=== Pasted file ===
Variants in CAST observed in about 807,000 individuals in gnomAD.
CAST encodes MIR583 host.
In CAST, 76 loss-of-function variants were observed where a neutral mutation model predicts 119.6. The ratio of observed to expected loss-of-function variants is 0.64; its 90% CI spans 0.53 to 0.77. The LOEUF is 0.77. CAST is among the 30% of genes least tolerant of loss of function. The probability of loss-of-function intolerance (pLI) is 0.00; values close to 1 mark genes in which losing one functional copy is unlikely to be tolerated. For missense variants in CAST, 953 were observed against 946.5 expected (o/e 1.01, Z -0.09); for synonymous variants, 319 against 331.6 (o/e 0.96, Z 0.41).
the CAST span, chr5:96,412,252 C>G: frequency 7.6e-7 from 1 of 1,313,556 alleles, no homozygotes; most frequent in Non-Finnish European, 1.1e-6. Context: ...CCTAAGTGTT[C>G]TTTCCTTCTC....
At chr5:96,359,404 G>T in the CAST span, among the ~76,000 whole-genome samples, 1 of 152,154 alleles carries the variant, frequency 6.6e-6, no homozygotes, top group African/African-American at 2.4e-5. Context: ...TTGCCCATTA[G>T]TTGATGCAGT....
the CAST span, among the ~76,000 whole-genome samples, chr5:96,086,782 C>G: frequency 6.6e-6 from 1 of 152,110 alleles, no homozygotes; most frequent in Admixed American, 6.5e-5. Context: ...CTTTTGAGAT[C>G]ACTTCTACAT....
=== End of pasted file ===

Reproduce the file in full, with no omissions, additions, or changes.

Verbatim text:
Variants in CAST observed in about 807,000 individuals in gnomAD.
CAST encodes MIR583 host.
In CAST, 76 loss-of-function variants were observed where a neutral mutation model predicts 119.6. The ratio of observed to expected loss-of-function variants is 0.64; its 90% CI spans 0.53 to 0.77. The LOEUF is 0.77. CAST is among the 30% of genes least tolerant of loss of function. The probability of loss-of-function intolerance (pLI) is 0.00; values close to 1 mark genes in which losing one functional copy is unlikely to be tolerated. For missense variants in CAST, 953 were observed against 946.5 expected (o/e 1.01, Z -0.09); for synonymous variants, 319 against 331.6 (o/e 0.96, Z 0.41).
the CAST span, chr5:96,412,252 C>G: frequency 7.6e-7 from 1 of 1,313,556 alleles, no homozygotes; most frequent in Non-Finnish European, 1.1e-6. Context: ...CCTAAGTGTT[C>G]TTTCCTTCTC....
At chr5:96,359,404 G>T in the CAST span, among the ~76,000 whole-genome samples, 1 of 152,154 alleles carries the variant, frequency 6.6e-6, no homozygotes, top group African/African-American at 2.4e-5. Context: ...TTGCCCATTA[G>T]TTGATGCAGT....
the CAST span, among the ~76,000 whole-genome samples, chr5:96,086,782 C>G: frequency 6.6e-6 from 1 of 152,110 alleles, no homozygotes; most frequent in Admixed American, 6.5e-5. Context: ...CTTTTGAGAT[C>G]ACTTCTACAT....